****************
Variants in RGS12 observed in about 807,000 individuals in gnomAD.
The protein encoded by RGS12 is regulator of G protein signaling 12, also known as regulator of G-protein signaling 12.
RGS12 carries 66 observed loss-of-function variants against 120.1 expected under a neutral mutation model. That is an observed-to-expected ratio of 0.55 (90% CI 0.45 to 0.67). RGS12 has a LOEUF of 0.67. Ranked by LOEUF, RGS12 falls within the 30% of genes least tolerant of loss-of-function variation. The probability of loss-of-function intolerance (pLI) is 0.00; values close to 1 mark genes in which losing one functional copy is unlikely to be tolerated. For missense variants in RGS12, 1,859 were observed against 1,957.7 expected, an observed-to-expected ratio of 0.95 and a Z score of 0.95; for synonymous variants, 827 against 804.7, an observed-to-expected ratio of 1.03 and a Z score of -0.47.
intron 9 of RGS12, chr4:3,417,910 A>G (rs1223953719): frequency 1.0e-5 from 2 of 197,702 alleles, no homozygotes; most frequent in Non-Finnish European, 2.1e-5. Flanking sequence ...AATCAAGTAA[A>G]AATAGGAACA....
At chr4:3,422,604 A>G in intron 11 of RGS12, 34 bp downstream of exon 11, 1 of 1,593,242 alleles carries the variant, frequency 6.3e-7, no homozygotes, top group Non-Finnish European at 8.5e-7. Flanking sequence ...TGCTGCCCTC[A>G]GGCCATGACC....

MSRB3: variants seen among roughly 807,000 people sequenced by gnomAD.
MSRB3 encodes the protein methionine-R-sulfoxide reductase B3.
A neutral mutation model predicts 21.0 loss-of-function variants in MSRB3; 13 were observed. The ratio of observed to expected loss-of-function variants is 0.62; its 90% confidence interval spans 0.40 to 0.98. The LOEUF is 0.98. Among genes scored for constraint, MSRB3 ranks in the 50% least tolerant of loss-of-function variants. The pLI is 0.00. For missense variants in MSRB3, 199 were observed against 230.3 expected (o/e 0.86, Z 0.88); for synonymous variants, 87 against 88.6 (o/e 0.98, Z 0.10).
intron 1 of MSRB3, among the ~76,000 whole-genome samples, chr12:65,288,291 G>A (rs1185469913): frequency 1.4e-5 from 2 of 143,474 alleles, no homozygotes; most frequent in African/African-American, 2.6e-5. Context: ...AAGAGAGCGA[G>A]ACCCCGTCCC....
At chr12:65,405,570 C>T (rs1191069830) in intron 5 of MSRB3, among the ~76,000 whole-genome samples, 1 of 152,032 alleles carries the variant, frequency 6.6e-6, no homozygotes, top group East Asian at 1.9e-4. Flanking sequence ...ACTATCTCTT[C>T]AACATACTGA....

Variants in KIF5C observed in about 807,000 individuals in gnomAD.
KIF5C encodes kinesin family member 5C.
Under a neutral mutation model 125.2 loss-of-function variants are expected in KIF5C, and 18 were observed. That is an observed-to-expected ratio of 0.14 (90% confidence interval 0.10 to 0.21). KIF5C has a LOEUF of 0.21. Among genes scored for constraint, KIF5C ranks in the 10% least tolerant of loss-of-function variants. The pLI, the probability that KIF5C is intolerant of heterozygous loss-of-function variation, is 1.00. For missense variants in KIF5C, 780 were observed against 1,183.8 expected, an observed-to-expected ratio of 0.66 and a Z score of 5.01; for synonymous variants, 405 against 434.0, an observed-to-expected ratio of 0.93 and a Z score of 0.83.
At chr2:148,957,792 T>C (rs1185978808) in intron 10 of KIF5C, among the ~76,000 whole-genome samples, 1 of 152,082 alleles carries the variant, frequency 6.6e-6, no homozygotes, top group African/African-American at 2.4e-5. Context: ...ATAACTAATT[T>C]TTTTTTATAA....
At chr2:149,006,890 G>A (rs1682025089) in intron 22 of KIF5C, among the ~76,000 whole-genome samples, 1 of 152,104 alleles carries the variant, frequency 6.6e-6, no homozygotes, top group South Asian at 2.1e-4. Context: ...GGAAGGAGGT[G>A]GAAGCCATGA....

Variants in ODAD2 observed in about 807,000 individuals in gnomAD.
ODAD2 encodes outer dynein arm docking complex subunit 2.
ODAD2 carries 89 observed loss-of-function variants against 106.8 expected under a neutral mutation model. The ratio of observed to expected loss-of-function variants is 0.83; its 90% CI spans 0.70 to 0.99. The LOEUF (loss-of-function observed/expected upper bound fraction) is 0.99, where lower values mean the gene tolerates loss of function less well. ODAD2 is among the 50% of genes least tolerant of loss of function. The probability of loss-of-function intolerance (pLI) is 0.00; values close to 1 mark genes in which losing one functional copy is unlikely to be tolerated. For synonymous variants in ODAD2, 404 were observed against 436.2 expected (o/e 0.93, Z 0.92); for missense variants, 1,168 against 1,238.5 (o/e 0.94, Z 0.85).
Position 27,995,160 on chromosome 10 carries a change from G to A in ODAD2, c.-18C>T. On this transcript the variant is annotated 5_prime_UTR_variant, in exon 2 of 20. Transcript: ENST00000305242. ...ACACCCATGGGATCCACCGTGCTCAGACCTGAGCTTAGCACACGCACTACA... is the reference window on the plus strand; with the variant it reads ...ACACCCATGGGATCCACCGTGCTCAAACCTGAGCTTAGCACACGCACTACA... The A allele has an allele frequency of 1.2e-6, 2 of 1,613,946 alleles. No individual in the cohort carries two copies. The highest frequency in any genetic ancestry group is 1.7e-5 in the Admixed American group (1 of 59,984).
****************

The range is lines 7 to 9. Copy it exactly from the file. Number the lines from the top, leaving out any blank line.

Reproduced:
MSRB3 encodes the protein methionine-R-sulfoxide reductase B3.
A neutral mutation model predicts 21.0 loss-of-function variants in MSRB3; 13 were observed. The ratio of observed to expected loss-of-function variants is 0.62; its 90% confidence interval spans 0.40 to 0.98. The LOEUF is 0.98. Among genes scored for constraint, MSRB3 ranks in the 50% least tolerant of loss-of-function variants. The pLI is 0.00. For missense variants in MSRB3, 199 were observed against 230.3 expected (o/e 0.86, Z 0.88); for synonymous variants, 87 against 88.6 (o/e 0.98, Z 0.10).
intron 1 of MSRB3, among the ~76,000 whole-genome samples, chr12:65,288,291 G>A (rs1185469913): frequency 1.4e-5 from 2 of 143,474 alleles, no homozygotes; most frequent in African/African-American, 2.6e-5. Context: ...AAGAGAGCGA[G>A]ACCCCGTCCC....